Saturday 3 Thu al-Hijjah 1443 - 2 July 2022
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Can a video clip be regarded as evidence to prove a claim?

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Publication : 22-03-2022

Views : 1714

Question

Abu Maalik bought from Abu Noor 2000 dollars for 16,000 Turkish lira (TL). Abu Maalik sent Abu Ahmad to carry out the transaction. Abu Ahmad handed over the Turkish money and took the 2000 dollars from Abu Noor and counted them. Then he came back and gave the money to Abu Maalik. Without counting the money, Abu Maalik handed it over in its entirety to someone else. Then an hour later, Abu Noor realised, from looking at the security cameras in the shop, that he had given Abu Ahmad 2100 dollars. He confirmed that by checking the cash register, from which 100 dollars was missing. He asked Abu Maalik to return the money to him. Please note that the video clip very clearly shows that the amount was 2100 dollars, and that Abu Noor and Abu Ahmad made a mistake in counting the money, because there was 100 dollars on the table which got added to it, but was not counted. How can they resolve the problem between them? Please note that they are all trustworthy men, who do not tell lies or cheat others.

Answer

Praise be to Allah.

Firstly:

The case here is between the seller [Abu Noor] and the one who received the money from him, namely Abu Ahmad. The latter [Abu Ahmad] can make a claim against the purchaser [Abu Maalik] and the purchaser can make a claim against the one who collected the money for him [Abu Ahmad].

Secondly:

The video clip is evidence which may be taken into account to prove something. It is not definitive proof, but the qaadi (judge) may base a ruling on it – in issues that are not subject to hadd punishments – if he is certain that there is no tampering or forgery involved, and it is very clear and cannot be open to misinterpretation.

See: Ahkaam at-Tasweer fi’l-Fiqh al-Islami by Dr. Muhammad ibn Ahmad Waasil (p. 532), where he quotes from Shaykh Ibn ‘Uthaymeen (may Allah have mercy on him) and Shaykh Saalih ibn ‘Abd ar-Rahmaan al-Muhaymid, Vice-President of the Courts in Buraydah.

Ibn al-Qayyim (may Allah have mercy on him) said with regard to basing a ruling on circumstantial evidence: If the judge does not have the ability to read people and see signs that indicate something, or to derive evidence from a person’s situation and what he says, to the same extent as he has knowledge and understanding of Islamic rulings, then he will cause a lot of people’s rights to be lost, and he may issue a verdict that people know is wrong and have no doubt about that, because he bases his verdict on what appears to be the case, without trying to examine the matter in depth and take circumstances into consideration." (At-Turuq al-Hukmiyyah 1/6).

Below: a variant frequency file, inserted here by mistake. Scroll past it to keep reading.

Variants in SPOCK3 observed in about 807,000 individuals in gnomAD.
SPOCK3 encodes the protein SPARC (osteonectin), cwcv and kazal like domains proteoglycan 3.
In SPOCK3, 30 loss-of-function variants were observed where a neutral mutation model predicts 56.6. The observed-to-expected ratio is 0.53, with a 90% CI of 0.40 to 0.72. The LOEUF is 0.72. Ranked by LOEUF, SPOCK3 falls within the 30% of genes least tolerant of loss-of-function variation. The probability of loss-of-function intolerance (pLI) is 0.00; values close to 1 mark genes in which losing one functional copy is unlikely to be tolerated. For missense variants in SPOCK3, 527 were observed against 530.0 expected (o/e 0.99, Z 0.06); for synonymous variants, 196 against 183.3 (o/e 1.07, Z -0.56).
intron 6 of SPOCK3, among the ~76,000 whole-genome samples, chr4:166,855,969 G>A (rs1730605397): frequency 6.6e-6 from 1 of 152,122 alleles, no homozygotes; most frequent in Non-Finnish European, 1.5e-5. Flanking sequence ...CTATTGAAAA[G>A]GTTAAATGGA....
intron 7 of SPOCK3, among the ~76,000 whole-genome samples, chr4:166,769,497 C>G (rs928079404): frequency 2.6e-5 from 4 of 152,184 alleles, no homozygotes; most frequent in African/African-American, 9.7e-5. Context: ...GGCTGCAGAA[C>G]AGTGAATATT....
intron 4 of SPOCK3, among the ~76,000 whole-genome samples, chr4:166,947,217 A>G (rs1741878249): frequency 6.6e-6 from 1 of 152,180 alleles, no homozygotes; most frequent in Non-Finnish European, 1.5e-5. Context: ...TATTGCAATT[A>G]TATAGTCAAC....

As for the correct verdict in this case, if Abu Ahmad trusts what the video clip shows, and it is clear that he received the extra hundred dollars, then he is obliged – according to Islamic teachings – to return it to the seller [Abu Noor].

Then he has the right to ask Abu Maalik to pay it back, but Abu Maalik is not obliged to give it to him, for lack of proof, unless he believes him when he says that he gave him the money as he received it, and Abu Maalik has the right to ask the one who took the money from him. If he admits it, all well and good, otherwise he does not have to give it to him because there is no proof.

If Abu Ahmad does not trust the video clip, or it is not clear, then he does not have to give the hundred dollars.

Thirdly:

If the matter is referred to the judge or an arbitrator, he may rule on the basis of the video clip, by way of ruling on the basis of what the evidence appears to indicate. If he does not rule on the basis of the video clip, because he does not believe in ruling on the basis of such evidence, or because the video is not clear and the seller [Abu Noor] has no proof from two witnesses or from a witness and an oath, then he may ask Abu Ahmad to swear an oath stating that he did not receive the extra hundred dollars. If he does not swear an oath, the judge may rule that he should pay it because of his refusal to swear an oath, because of the report narrated by at-Tirmidhi (1341) from ‘Amr ibn Shu‘ayb, from his father, from his grandfather, that the Prophet (blessings and peace of Allah be upon him) said in his khutbah: “The burden of proof is on the one who makes the claim, and an oath is required from the one against whom the claim is made.” Classed as saheeh by al-Albaani in Saheeh at-Tirmidhi.

And Allah knows best.

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Source: Islam Q&A